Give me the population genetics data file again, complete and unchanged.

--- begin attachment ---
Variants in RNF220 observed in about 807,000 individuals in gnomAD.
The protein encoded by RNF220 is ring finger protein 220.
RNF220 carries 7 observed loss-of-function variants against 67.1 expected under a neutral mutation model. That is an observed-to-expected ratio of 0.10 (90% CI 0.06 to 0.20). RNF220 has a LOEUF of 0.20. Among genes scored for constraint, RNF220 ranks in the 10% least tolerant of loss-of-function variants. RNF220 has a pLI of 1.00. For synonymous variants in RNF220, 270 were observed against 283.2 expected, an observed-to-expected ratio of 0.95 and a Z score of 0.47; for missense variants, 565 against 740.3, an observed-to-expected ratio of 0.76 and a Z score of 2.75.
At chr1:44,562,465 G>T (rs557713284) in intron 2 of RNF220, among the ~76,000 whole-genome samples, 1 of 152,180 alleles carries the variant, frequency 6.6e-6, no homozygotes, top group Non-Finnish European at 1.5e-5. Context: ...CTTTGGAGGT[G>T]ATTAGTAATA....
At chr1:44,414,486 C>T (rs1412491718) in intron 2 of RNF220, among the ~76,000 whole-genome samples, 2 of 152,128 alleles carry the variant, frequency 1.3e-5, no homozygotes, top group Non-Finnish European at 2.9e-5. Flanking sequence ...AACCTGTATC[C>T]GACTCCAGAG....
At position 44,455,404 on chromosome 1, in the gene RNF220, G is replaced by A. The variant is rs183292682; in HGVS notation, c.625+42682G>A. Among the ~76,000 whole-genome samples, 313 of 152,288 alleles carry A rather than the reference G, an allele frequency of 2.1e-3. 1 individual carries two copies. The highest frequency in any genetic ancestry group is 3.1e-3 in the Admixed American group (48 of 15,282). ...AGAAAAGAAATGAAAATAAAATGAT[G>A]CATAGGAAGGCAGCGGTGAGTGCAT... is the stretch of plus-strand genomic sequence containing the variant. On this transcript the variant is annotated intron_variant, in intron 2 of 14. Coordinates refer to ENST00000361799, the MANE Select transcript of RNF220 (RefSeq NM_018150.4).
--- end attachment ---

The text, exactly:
Variants in RNF220 observed in about 807,000 individuals in gnomAD.
The protein encoded by RNF220 is ring finger protein 220.
RNF220 carries 7 observed loss-of-function variants against 67.1 expected under a neutral mutation model. That is an observed-to-expected ratio of 0.10 (90% CI 0.06 to 0.20). RNF220 has a LOEUF of 0.20. Among genes scored for constraint, RNF220 ranks in the 10% least tolerant of loss-of-function variants. RNF220 has a pLI of 1.00. For synonymous variants in RNF220, 270 were observed against 283.2 expected, an observed-to-expected ratio of 0.95 and a Z score of 0.47; for missense variants, 565 against 740.3, an observed-to-expected ratio of 0.76 and a Z score of 2.75.
At chr1:44,562,465 G>T (rs557713284) in intron 2 of RNF220, among the ~76,000 whole-genome samples, 1 of 152,180 alleles carries the variant, frequency 6.6e-6, no homozygotes, top group Non-Finnish European at 1.5e-5. Context: ...CTTTGGAGGT[G>T]ATTAGTAATA....
At chr1:44,414,486 C>T (rs1412491718) in intron 2 of RNF220, among the ~76,000 whole-genome samples, 2 of 152,128 alleles carry the variant, frequency 1.3e-5, no homozygotes, top group Non-Finnish European at 2.9e-5. Flanking sequence ...AACCTGTATC[C>T]GACTCCAGAG....
At position 44,455,404 on chromosome 1, in the gene RNF220, G is replaced by A. The variant is rs183292682; in HGVS notation, c.625+42682G>A. Among the ~76,000 whole-genome samples, 313 of 152,288 alleles carry A rather than the reference G, an allele frequency of 2.1e-3. 1 individual carries two copies. The highest frequency in any genetic ancestry group is 3.1e-3 in the Admixed American group (48 of 15,282). ...AGAAAAGAAATGAAAATAAAATGAT[G>A]CATAGGAAGGCAGCGGTGAGTGCAT... is the stretch of plus-strand genomic sequence containing the variant. On this transcript the variant is annotated intron_variant, in intron 2 of 14. Coordinates refer to ENST00000361799, the MANE Select transcript of RNF220 (RefSeq NM_018150.4).